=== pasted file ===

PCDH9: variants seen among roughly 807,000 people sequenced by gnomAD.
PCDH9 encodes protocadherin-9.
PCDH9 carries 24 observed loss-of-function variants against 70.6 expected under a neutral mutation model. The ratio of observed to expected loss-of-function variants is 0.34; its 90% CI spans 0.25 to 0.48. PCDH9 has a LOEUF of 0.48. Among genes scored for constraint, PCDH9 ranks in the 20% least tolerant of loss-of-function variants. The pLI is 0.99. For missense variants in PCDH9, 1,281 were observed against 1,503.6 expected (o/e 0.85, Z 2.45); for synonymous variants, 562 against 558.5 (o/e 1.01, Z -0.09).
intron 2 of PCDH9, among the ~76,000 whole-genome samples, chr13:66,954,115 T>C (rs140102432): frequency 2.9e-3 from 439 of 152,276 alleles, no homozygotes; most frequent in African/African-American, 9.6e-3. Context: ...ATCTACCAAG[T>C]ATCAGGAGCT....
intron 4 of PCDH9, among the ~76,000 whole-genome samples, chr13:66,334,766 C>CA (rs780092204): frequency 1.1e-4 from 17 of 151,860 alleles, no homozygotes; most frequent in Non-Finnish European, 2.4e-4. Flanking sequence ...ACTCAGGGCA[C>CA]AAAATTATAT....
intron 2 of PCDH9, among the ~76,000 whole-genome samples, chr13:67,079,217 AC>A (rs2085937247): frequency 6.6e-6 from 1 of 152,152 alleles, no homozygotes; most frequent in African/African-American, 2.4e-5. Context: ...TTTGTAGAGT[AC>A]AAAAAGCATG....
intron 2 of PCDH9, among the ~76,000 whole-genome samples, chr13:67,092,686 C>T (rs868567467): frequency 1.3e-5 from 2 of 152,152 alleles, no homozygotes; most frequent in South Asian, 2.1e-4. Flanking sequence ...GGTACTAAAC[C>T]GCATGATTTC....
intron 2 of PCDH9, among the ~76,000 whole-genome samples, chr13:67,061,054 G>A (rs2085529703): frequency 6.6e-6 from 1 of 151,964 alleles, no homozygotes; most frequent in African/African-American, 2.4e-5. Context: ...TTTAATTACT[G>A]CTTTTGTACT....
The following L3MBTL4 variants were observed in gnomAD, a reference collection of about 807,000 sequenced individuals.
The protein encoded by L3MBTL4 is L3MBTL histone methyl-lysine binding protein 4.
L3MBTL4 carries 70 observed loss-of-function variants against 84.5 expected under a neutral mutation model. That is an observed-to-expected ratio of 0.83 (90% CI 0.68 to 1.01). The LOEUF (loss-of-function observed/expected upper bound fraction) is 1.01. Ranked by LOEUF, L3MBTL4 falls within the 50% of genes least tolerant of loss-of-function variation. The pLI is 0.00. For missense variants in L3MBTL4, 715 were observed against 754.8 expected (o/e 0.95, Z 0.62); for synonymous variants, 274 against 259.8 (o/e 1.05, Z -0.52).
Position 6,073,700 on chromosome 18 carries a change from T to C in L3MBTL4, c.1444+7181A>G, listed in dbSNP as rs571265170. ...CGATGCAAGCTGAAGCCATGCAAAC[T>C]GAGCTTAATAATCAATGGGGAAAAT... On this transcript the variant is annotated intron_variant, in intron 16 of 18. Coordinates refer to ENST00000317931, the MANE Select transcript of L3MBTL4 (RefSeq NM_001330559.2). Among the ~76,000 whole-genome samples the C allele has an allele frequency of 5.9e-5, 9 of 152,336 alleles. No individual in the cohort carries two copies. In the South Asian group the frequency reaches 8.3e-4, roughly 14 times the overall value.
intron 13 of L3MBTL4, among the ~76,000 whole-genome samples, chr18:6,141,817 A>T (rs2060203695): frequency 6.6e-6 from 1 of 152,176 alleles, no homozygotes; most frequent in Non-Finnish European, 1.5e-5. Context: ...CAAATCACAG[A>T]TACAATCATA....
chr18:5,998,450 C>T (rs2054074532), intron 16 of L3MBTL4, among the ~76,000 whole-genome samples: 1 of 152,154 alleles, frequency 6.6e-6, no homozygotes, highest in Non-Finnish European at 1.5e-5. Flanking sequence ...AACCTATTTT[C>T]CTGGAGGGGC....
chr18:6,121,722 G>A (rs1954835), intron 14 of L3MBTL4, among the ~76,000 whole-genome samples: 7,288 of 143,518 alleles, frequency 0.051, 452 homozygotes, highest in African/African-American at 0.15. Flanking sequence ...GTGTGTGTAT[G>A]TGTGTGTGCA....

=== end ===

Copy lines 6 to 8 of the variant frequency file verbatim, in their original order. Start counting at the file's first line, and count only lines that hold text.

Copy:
intron 2 of PCDH9, among the ~76,000 whole-genome samples, chr13:67,079,217 AC>A (rs2085937247): frequency 6.6e-6 from 1 of 152,152 alleles, no homozygotes; most frequent in African/African-American, 2.4e-5. Context: ...TTTGTAGAGT[AC>A]AAAAAGCATG....
intron 2 of PCDH9, among the ~76,000 whole-genome samples, chr13:67,092,686 C>T (rs868567467): frequency 1.3e-5 from 2 of 152,152 alleles, no homozygotes; most frequent in South Asian, 2.1e-4. Flanking sequence ...GGTACTAAAC[C>T]GCATGATTTC....
intron 2 of PCDH9, among the ~76,000 whole-genome samples, chr13:67,061,054 G>A (rs2085529703): frequency 6.6e-6 from 1 of 151,964 alleles, no homozygotes; most frequent in African/African-American, 2.4e-5. Context: ...TTTAATTACT[G>A]CTTTTGTACT....